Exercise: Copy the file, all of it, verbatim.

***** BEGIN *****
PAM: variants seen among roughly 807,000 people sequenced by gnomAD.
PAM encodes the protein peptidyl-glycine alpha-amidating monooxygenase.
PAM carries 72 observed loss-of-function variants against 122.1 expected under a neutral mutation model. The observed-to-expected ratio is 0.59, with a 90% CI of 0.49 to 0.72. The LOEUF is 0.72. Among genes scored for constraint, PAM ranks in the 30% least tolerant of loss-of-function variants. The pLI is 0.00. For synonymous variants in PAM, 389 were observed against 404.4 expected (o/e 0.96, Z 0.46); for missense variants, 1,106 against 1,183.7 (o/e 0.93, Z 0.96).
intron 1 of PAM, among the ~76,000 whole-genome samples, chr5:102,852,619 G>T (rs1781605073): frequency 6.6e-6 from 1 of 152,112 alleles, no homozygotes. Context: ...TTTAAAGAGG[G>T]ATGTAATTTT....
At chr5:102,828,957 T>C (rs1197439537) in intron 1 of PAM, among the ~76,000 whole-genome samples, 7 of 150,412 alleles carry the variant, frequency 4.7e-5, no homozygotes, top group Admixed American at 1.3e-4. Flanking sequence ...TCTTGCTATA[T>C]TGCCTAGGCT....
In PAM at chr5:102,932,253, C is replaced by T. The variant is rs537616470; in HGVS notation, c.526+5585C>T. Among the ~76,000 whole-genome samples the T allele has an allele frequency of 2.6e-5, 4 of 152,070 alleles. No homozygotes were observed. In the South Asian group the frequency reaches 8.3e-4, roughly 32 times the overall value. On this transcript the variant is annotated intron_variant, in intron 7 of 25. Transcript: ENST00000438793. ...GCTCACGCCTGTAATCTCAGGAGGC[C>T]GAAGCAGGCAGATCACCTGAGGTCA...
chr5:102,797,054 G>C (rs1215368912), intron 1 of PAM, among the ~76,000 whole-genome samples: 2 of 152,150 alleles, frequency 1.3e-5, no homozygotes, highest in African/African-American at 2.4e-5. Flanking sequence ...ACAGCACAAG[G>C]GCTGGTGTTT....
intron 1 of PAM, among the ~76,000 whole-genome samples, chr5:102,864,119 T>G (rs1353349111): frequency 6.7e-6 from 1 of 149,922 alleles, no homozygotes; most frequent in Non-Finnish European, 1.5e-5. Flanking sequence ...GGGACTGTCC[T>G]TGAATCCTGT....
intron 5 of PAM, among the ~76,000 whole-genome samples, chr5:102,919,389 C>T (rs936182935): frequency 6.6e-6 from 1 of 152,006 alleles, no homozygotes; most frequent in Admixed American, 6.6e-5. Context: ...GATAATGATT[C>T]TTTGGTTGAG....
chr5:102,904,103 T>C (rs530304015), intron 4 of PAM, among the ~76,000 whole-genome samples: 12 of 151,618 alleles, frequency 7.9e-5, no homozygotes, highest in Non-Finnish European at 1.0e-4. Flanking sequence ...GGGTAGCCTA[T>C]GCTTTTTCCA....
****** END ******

PAM: variants seen among roughly 807,000 people sequenced by gnomAD.
PAM encodes the protein peptidyl-glycine alpha-amidating monooxygenase.
PAM carries 72 observed loss-of-function variants against 122.1 expected under a neutral mutation model. The observed-to-expected ratio is 0.59, with a 90% CI of 0.49 to 0.72. The LOEUF is 0.72. Among genes scored for constraint, PAM ranks in the 30% least tolerant of loss-of-function variants. The pLI is 0.00. For synonymous variants in PAM, 389 were observed against 404.4 expected (o/e 0.96, Z 0.46); for missense variants, 1,106 against 1,183.7 (o/e 0.93, Z 0.96).
intron 1 of PAM, among the ~76,000 whole-genome samples, chr5:102,852,619 G>T (rs1781605073): frequency 6.6e-6 from 1 of 152,112 alleles, no homozygotes. Context: ...TTTAAAGAGG[G>T]ATGTAATTTT....
At chr5:102,828,957 T>C (rs1197439537) in intron 1 of PAM, among the ~76,000 whole-genome samples, 7 of 150,412 alleles carry the variant, frequency 4.7e-5, no homozygotes, top group Admixed American at 1.3e-4. Flanking sequence ...TCTTGCTATA[T>C]TGCCTAGGCT....
In PAM at chr5:102,932,253, C is replaced by T. The variant is rs537616470; in HGVS notation, c.526+5585C>T. Among the ~76,000 whole-genome samples the T allele has an allele frequency of 2.6e-5, 4 of 152,070 alleles. No homozygotes were observed. In the South Asian group the frequency reaches 8.3e-4, roughly 32 times the overall value. On this transcript the variant is annotated intron_variant, in intron 7 of 25. Transcript: ENST00000438793. ...GCTCACGCCTGTAATCTCAGGAGGC[C>T]GAAGCAGGCAGATCACCTGAGGTCA...
chr5:102,797,054 G>C (rs1215368912), intron 1 of PAM, among the ~76,000 whole-genome samples: 2 of 152,150 alleles, frequency 1.3e-5, no homozygotes, highest in African/African-American at 2.4e-5. Flanking sequence ...ACAGCACAAG[G>C]GCTGGTGTTT....
intron 1 of PAM, among the ~76,000 whole-genome samples, chr5:102,864,119 T>G (rs1353349111): frequency 6.7e-6 from 1 of 149,922 alleles, no homozygotes; most frequent in Non-Finnish European, 1.5e-5. Flanking sequence ...GGGACTGTCC[T>G]TGAATCCTGT....
intron 5 of PAM, among the ~76,000 whole-genome samples, chr5:102,919,389 C>T (rs936182935): frequency 6.6e-6 from 1 of 152,006 alleles, no homozygotes; most frequent in Admixed American, 6.6e-5. Context: ...GATAATGATT[C>T]TTTGGTTGAG....
chr5:102,904,103 T>C (rs530304015), intron 4 of PAM, among the ~76,000 whole-genome samples: 12 of 151,618 alleles, frequency 7.9e-5, no homozygotes, highest in Non-Finnish European at 1.0e-4. Flanking sequence ...GGGTAGCCTA[T>C]GCTTTTTCCA....